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Retirement Provision in Scary Markets

Edited by Hazel Bateman, Director, Australian Institute for Population Ageing Research and Associate Professor, School of Economics, University of New South Wales, Australia
The past few decades have witnessed a global move towards private provision for retirement through individual defined contribution pensions at the expense of publicly provided and employer-sponsored defined benefit pensions. As a consequence, workers and retirees are becoming increasingly exposed to uncertainties in financial, labour and economic markets. The contributors to this book analyse the implications for retirement income policy, workers and retirees in view of the current climate of heightened exposure to scary markets.

The implications of a broad range of scary market scenarios are presented, and novel solutions prescribed. Retirement incomes across a number of countries including the US, the UK, Japan and Australia are explored.
Extent: 256 pp
Hardback Price: $128.00 Web: $115.20
Publication Date: 2007
ISBN: 978 1 84376 906 4
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  • Economics and Finance
  • Financial Economics and Regulation
  • Social Policy and Sociology
  • Ageing
The past few decades have witnessed a global move towards private provision for retirement through individual defined contribution pensions at the expense of publicly provided and employer-sponsored defined benefit pensions. As a consequence, workers and retirees are becoming increasingly exposed to uncertainties in financial, labour and economic markets. The contributors to this book analyse the implications for retirement income policy, workers and retirees in view of the current climate of heightened exposure to scary markets.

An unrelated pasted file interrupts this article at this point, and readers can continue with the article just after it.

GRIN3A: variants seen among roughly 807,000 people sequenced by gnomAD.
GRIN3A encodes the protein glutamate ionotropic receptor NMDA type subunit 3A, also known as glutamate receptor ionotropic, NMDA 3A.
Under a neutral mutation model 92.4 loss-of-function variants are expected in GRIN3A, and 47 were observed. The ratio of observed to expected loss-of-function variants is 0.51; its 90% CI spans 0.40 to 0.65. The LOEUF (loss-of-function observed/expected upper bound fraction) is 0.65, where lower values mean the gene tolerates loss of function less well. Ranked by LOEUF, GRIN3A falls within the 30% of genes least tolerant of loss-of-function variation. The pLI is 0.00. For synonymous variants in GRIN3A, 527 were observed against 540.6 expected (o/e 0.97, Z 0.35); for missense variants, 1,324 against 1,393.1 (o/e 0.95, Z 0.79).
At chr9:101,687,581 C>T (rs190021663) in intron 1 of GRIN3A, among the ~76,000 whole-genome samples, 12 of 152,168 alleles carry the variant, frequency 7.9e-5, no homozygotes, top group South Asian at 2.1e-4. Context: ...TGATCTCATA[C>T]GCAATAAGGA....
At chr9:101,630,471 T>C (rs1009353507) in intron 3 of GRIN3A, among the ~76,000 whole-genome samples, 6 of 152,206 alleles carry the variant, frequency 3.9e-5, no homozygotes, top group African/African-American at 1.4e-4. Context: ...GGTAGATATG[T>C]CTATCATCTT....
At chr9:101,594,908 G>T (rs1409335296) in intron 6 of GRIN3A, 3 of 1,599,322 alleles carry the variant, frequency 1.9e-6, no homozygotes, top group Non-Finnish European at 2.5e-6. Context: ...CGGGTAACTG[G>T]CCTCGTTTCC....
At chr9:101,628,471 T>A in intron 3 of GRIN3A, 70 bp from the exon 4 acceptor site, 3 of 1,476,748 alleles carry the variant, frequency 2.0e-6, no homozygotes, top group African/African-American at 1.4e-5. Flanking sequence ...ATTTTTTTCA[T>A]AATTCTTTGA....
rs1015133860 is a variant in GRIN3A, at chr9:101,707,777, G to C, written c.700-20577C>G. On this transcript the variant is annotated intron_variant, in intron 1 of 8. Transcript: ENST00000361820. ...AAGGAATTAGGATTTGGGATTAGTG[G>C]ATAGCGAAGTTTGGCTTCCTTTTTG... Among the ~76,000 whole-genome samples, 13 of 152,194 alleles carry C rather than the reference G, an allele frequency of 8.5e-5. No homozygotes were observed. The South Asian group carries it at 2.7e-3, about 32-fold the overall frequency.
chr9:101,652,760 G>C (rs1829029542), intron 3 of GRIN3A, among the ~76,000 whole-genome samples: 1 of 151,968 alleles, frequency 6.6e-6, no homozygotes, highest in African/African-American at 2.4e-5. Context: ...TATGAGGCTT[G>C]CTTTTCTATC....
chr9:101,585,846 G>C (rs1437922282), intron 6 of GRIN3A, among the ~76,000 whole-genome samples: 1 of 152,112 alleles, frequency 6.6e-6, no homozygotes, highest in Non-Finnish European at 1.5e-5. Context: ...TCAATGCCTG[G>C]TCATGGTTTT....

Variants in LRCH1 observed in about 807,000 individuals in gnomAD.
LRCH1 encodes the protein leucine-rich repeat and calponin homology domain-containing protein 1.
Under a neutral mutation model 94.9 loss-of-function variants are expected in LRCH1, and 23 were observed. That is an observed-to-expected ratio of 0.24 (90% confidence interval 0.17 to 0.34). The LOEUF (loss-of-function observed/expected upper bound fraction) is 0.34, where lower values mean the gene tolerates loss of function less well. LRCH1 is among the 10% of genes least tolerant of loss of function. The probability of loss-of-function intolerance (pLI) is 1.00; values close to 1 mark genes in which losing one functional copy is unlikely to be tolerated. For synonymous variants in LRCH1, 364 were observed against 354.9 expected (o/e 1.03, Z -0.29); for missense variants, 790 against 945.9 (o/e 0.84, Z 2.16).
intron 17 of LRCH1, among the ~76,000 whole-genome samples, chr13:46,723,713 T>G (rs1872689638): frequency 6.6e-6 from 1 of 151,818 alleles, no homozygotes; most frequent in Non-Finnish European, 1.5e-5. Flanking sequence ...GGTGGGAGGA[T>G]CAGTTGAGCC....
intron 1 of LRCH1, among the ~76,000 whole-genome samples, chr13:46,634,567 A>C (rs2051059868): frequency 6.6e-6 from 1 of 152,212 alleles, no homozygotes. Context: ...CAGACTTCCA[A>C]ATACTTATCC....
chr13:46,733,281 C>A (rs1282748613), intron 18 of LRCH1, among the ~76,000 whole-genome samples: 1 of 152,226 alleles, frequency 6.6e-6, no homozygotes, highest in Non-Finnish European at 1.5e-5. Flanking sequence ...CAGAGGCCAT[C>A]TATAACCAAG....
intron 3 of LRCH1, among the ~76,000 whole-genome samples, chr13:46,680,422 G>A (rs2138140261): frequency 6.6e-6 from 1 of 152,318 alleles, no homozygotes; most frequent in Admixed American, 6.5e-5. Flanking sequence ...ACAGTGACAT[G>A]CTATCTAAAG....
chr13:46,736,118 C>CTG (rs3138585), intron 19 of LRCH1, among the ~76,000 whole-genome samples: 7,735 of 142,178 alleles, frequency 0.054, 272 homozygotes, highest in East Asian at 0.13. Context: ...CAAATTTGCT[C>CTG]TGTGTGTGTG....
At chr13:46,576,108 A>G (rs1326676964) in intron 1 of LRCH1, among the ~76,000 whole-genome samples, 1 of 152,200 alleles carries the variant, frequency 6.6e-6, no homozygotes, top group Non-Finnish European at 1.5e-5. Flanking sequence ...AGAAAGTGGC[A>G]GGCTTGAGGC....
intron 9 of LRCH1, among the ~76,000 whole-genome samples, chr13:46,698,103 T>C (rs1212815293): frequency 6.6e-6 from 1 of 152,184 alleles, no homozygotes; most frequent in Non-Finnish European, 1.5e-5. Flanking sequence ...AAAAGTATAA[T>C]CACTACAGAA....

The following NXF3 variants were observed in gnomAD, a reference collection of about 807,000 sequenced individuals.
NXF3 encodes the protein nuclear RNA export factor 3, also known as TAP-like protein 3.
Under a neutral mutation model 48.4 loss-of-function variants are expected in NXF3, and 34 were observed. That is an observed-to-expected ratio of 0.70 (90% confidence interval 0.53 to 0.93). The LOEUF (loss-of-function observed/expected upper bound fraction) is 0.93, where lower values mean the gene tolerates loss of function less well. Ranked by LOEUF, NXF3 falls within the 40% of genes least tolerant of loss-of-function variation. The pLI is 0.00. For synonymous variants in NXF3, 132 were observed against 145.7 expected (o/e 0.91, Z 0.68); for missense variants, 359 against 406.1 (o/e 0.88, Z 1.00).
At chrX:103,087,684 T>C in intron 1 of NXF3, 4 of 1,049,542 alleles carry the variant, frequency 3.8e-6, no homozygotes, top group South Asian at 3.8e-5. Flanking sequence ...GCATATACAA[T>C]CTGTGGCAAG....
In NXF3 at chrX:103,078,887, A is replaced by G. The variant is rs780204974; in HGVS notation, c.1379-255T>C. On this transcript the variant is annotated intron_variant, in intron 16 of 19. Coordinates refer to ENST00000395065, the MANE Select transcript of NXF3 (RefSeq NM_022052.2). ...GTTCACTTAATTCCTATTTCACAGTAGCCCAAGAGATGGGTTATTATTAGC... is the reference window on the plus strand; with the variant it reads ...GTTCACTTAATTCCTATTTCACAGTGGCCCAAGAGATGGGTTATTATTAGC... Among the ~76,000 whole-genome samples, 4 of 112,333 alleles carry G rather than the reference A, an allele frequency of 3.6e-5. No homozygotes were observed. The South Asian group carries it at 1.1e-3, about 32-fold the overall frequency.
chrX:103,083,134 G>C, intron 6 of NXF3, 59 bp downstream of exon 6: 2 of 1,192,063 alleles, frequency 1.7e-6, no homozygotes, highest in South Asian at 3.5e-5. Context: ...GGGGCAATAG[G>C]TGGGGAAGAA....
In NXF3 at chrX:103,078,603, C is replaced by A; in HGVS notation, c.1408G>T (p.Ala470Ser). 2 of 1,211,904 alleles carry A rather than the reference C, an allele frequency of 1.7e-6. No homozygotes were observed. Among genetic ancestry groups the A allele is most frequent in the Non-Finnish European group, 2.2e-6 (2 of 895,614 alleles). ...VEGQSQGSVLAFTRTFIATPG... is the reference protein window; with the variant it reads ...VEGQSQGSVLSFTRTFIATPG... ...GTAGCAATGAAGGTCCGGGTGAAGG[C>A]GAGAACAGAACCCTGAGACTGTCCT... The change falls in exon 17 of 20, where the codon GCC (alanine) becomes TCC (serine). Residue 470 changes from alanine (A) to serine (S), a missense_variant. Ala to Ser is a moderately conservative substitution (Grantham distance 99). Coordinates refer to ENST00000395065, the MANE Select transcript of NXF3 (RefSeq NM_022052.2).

The implications of a broad range of scary market scenarios are presented, and novel solutions prescribed. Retirement incomes across a number of countries including the US, the UK, Japan and Australia are explored, and uncertainties examined include:

• extreme stock price volatility;
• discontinuous labour market participation; and
• regulatory failure and macroeconomic instability.

Concluding with the observation that regulatory reforms could be almost as scary as the underlying macroeconomic conditions, this book will prove a fascinating read for scholars, researchers, practitioners and policymakers with an interest in pensions and pension policy, financial economics and public sector economics.
Contributors: A. Asher, A. Au, H. Bateman, R. Bewley, G. Brianton, S. Ferris, D.R. Gallagher, J. Gardner, N. Ingram, G. Kingston, V. Livera, D. McCarthy, O.S. Mitchell, M. Orszag, J.W.R. Phillips, F.M. Rabelo, S. Thompson, S. Thorp, M. Usuki
Contents:

Preface

1. Introduction
Hazel Bateman

2. Who’s Afraid of the Big Bad Bear? Or, Why Investing in Equities for Retirement is not Scary and Why Investing without Equities is Scary
Ronald Bewley, Nick Ingram, Veronica Livera and Sheridan Thompson

3. Assessing the Risks in Global Fixed Interest Portfolios
Geoffrey Brianton

4. The Role of Index Funds in Retirement Asset Allocation
David R. Gallagher

5. Retirement Wealth and Lifetime Earnings Variability
Olivia S. Mitchell, John W.R. Phillips, Andrew Au and David McCarthy

6. How Have Older Workers Responded to Scary Markets?
Jonathan Gardner and Mike Orszag

7. Financial Engineering for Australian Annuitants
Susan Thorp, Geoffrey Kingston and Hazel Bateman

8. Smoothing Investment Returns
Anthony Asher

9. Ansett’s Superannuation Fund: A Case Study in Insolvency
Shauna Ferris

10. Pension Funds and Retirement Benefits in a Depressed Economy: Experience and Challenges in Japan
Masaharu Usuki

11. The Structure and Regulation of the Brazilian Private Pension System
Flávio Marcílio Rabelo

Index